Monday 22nd of January 2018 11:19:46 AM

Style Guide

CSS: Steal These Style Sheets!

The two CSS files linked from this page can be used as-is, or modified to the design requirements of your site.

Simple Style Sheet
element's content, and the left and right margins. The left andright padding and borders must be set to specific values, or elsethey default to a width of zero (again, assuming noborder-style is declared; if one has been set,then the width of the borders is set to be the vaguely defined valuemedium ). Figure 8-10 provides ahandy illustration for remembering which parts of the box can take avalue of auto, and which cannot.

Figure 8-10

Figure 8-10. Horizontal properties that can be set to auto

  1. Sets body margins and padding to zero (no offset);
  2. establishes text, background, and various stage link colors;
  3. sets text font family to Georgia, Palatino, or equivalent but does not set size (sophisticated style sheet does that);
  4. establishes link rollover effect;
  5. sets up paragraph leading (line-height) of 150%;
  6. turns off gaps and borders around images
  7. establishes pseudo-classes for control of vertical whitespace
  8. establishes font-family and relative size relationships of headlines and subheads—also their margins;
  9. provides additional pseudo-classes for special design requirements
  10. assuming CSS file resides in /styles/ directory within root directory, file should be linked to from header thusly:
    <link rel="Stylesheet" href="/styles/simple.css" type="text/css" media="screen" />
Sophisticated Style Sheet
  1. Sets paragraph font size to small (CSS font-size keyword), enabling text to be resized in most browsers;
  2. works around CSS bugs in IE4/5/5.5/Win and Opera 4/5;
  3. hides size rule from Netscape 4
  4. assuming CSS file resides in /styles/ directory within root directory, file should be linked to from header thusly:
    <style type="text/css" media="all">@import "/styles/sophisto.css";</style>

Linking

The following shows the proper way to link to both style sheets:

<!DOCTYPE html PUBLIC "-//W3C//DTD XHTML 1.0 Transitional//EN"
"http://www.w3.org/TR/xhtml1/DTD/xhtml1-transitional.dtd ">

<html xmlns="http://www.w3.org/1999/xhtml" xml:lang="en" lang="en">
        <head>

<title>NYPL: Your Site Title</title>

<link rel="stylesheet" href="/styles/simple.css" type="text/css" media="screen" />

<style type="text/css" media="all">@import "/styles/sophisto.css";</style>

<meta http-equiv="content-type" content="text/html; charset=iso-8859-1" />
<meta http-equiv="expires" content="-1" />
<meta http-equiv= "pragma" content="no-cache" />
<meta name="author" content="Your Name or New York Public Library" />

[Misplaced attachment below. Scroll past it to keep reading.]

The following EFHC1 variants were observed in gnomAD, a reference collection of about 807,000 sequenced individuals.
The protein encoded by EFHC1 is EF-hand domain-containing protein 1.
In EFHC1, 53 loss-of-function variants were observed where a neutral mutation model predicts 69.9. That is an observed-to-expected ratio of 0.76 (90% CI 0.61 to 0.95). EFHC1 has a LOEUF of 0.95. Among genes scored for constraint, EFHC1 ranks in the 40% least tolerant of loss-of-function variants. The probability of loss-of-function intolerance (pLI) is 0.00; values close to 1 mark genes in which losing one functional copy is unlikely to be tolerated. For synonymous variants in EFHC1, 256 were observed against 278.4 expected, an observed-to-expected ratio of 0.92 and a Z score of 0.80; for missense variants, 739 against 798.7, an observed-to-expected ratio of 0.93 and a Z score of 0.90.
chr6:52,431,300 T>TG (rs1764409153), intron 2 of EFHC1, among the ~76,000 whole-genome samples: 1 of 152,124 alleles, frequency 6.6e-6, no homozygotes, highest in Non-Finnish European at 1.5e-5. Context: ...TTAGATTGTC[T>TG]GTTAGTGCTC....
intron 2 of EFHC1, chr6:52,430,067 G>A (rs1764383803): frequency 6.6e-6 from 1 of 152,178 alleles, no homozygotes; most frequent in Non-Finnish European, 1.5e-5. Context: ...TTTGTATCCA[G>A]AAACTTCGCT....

<meta name="robots" content="all" />
<meta name="MSSmartTagsPreventParsing" content="true" />
<meta name="description" content="Your subject matter described." />
<meta name="keywords" content="your, key, words, here" />

        </head>
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Okay, so we can place the origin image for the background anywhere in the background of an element, and we can control (to a degree) how it tiles. As you may have already realized, setting an image to be in the center of the document may mean, given a sufficiently long document, that the background image isn't initially visible to the reader. After all, a browser only provides a window onto the document. If the document is too long to be displayed in the window, then the user can scroll back and forth through the document. The center could be two or three "screens" below the beginning of the document, or just far enough down to push on the first paragraph.</P>

Figure 7-59

Figure 7-59. Padding, percentages, and the widths of parent

We've seen this before, of course -- in Section 7.3, "Margins", in case you don't remember -- butit's worth reviewing again, just to see how it operates.

7.5.2. Single-Side Padding

You guessed it: there are properties that let you set thepadding set percentage values for the margins of an element. Percentages are computed in relation to the width of the parent element, so they change if the parent element's width changes in some way. For example, assume the following, shown in Figure 7-10:

Figure 7-10

Figure 7-10. Parent widths and percentages

While this is interesting enough, consider the case of elements without a declared width, whose overall width (including margins) is therefore dependent on the width of the parent element.